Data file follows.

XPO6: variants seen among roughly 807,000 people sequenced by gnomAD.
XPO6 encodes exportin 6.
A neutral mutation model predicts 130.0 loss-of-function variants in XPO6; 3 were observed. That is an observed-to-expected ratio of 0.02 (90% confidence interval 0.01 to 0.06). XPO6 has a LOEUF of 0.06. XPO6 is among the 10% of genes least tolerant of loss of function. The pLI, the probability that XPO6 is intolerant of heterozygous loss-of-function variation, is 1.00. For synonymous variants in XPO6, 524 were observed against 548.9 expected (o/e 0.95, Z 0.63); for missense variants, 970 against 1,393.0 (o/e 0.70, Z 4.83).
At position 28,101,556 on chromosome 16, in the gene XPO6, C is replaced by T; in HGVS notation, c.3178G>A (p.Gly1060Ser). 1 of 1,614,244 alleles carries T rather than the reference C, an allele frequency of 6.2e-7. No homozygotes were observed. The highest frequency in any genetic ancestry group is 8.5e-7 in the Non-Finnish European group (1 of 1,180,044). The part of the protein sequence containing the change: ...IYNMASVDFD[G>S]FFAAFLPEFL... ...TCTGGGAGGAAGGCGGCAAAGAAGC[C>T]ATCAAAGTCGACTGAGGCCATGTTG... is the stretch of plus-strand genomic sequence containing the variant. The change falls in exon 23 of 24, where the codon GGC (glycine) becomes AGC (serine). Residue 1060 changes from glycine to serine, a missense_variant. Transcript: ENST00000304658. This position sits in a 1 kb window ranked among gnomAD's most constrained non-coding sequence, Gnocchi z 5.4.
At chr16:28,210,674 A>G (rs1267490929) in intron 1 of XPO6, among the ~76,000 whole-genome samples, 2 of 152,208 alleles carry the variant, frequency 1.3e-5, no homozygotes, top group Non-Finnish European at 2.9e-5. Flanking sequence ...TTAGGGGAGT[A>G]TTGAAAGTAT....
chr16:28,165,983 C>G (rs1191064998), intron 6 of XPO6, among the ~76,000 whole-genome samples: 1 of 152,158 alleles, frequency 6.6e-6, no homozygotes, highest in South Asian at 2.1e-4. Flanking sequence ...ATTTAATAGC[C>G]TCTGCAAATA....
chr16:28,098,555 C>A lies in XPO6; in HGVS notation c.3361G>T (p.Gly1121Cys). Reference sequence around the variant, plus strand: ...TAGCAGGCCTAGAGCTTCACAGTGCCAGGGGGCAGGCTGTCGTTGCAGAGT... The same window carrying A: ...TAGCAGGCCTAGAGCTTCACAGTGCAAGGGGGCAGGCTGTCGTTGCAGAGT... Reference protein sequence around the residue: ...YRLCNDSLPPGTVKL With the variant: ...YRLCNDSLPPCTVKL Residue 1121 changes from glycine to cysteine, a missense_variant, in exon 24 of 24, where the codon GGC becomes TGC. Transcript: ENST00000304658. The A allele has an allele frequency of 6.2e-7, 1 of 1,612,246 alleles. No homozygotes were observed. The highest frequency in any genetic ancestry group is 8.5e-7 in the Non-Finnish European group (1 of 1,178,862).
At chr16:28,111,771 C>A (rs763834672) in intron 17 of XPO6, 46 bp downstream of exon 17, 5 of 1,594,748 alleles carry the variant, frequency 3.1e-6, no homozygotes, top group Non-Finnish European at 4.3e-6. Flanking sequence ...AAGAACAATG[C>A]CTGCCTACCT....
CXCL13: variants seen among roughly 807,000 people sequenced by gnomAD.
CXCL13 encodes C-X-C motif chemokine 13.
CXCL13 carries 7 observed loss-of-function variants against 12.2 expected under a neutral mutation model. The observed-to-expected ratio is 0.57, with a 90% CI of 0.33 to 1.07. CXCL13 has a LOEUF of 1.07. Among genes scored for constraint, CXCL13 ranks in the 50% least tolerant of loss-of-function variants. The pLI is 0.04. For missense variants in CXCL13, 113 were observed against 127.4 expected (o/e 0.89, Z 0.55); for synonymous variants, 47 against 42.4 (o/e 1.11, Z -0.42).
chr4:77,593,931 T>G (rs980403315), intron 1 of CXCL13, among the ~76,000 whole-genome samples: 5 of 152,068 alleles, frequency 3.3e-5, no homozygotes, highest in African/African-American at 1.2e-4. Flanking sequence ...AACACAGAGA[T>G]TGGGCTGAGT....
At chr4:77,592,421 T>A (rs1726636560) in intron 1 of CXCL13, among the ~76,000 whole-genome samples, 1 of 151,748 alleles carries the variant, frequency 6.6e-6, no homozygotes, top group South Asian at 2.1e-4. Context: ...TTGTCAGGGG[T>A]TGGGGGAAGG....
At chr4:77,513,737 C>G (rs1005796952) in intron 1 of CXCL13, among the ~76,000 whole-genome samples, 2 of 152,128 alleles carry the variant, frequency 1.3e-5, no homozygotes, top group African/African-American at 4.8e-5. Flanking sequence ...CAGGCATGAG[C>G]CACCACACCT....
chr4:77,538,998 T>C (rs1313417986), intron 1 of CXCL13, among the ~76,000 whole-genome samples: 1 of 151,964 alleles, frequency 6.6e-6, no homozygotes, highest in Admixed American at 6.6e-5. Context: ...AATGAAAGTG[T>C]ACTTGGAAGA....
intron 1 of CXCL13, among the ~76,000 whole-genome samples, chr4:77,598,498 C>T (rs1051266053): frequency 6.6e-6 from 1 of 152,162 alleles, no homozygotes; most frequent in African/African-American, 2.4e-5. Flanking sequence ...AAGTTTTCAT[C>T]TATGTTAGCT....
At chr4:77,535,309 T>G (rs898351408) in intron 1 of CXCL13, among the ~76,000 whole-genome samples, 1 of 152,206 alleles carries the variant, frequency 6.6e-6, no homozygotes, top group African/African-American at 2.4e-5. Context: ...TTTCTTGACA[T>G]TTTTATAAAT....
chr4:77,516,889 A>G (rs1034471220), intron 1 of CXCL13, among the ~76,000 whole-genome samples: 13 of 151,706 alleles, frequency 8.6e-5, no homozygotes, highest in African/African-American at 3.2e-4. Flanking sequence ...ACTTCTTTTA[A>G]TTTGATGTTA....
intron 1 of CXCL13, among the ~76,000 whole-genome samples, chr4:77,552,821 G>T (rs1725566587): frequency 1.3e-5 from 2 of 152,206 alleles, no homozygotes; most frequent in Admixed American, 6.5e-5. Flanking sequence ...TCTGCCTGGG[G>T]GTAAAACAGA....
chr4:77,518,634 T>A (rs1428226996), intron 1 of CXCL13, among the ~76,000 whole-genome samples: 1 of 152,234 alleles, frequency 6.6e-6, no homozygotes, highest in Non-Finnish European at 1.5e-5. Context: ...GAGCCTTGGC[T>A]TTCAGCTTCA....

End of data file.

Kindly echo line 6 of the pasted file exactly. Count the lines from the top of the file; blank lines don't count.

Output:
chr16:28,165,983 C>G (rs1191064998), intron 6 of XPO6, among the ~76,000 whole-genome samples: 1 of 152,158 alleles, frequency 6.6e-6, no homozygotes, highest in South Asian at 2.1e-4. Flanking sequence ...ATTTAATAGC[C>G]TCTGCAAATA....